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<p>Additional factors that could materially affect the company's operations and results include changes in and the impact of governmental trade, banking, monetary and fiscal policies, including financial regulatory reform, and governmental programs in particular jurisdictions or for the benefit of certain industries or sectors (including protectionist policies that could disrupt international commerce); actions by the U.S. Federal Reserve Board and other central banks; actions by the U.S. Securities and Exchange Commission (SEC); actions by environmental, health and safety regulatory agencies, including those related to engine emissions (in particular Interim Tier 4 and Final Tier 4 emission requirements), noise and the risk of climate change; changes in labor regulations; changes to accounting standards; changes in tax rates and regulations; and actions by other regulatory bodies including changes in laws and regulations affecting the sectors in which the company operates.</p>
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<p>Other factors that could materially affect results include production, design and technological innovations and difficulties, including capacity and supply constraints and prices; the availability and prices of strategically sourced materials, components and whole goods; delays or disruptions in the company's supply chain due to weather, natural disasters or financial hardship or the loss of liquidity by suppliers (including common suppliers with the automotive industry); start-up of new plants and new products; the success of new product initiatives and customer acceptance of new products; oil and energy prices and supplies; the availability and cost of freight; actions of competitors in the various industries in which the company competes, particularly price discounting; dealer practices especially as to levels of new and used field inventories; labor relations; acquisitions and divestitures of businesses, the integration of new businesses; the implementation of organizational changes; changes in company declared dividends and common stock issuances and repurchases.</p>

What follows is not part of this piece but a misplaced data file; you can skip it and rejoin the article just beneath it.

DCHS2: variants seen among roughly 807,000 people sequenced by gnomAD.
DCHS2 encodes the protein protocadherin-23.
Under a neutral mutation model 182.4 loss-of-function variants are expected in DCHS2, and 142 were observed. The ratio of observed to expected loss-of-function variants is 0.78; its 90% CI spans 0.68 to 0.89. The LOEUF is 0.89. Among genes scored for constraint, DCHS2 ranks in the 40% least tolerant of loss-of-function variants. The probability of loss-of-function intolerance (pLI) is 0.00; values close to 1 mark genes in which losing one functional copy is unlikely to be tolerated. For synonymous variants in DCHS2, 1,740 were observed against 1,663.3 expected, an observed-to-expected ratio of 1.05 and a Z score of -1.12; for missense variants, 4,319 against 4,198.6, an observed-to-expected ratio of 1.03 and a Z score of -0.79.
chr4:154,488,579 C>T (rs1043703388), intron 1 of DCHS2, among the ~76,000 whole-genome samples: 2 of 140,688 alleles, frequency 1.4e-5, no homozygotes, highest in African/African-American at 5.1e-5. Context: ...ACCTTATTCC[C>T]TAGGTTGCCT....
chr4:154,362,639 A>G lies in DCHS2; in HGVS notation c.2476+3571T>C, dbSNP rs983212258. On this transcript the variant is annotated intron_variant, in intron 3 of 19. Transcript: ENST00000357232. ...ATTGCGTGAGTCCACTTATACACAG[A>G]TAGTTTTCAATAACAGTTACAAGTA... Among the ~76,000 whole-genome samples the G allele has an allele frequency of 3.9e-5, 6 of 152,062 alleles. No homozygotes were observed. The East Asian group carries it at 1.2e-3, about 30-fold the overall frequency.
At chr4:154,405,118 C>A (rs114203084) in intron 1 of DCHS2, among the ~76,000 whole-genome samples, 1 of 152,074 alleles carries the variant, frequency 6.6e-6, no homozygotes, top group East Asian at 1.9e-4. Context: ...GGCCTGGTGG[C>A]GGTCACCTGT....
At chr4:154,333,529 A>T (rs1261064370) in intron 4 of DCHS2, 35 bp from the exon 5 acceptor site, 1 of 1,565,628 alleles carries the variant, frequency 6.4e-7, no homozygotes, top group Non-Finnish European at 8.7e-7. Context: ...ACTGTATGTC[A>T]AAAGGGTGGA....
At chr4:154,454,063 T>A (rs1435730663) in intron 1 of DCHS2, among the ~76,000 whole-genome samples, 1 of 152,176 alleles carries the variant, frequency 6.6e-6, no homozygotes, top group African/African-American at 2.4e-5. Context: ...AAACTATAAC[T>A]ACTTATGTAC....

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<p>Company results are also affected by changes in the level of employee retirement benefits, changes in market values of investment assets and the level of interest rates, which impact retirement benefit costs, and significant changes in health care costs including those which may result from governmental action.</p>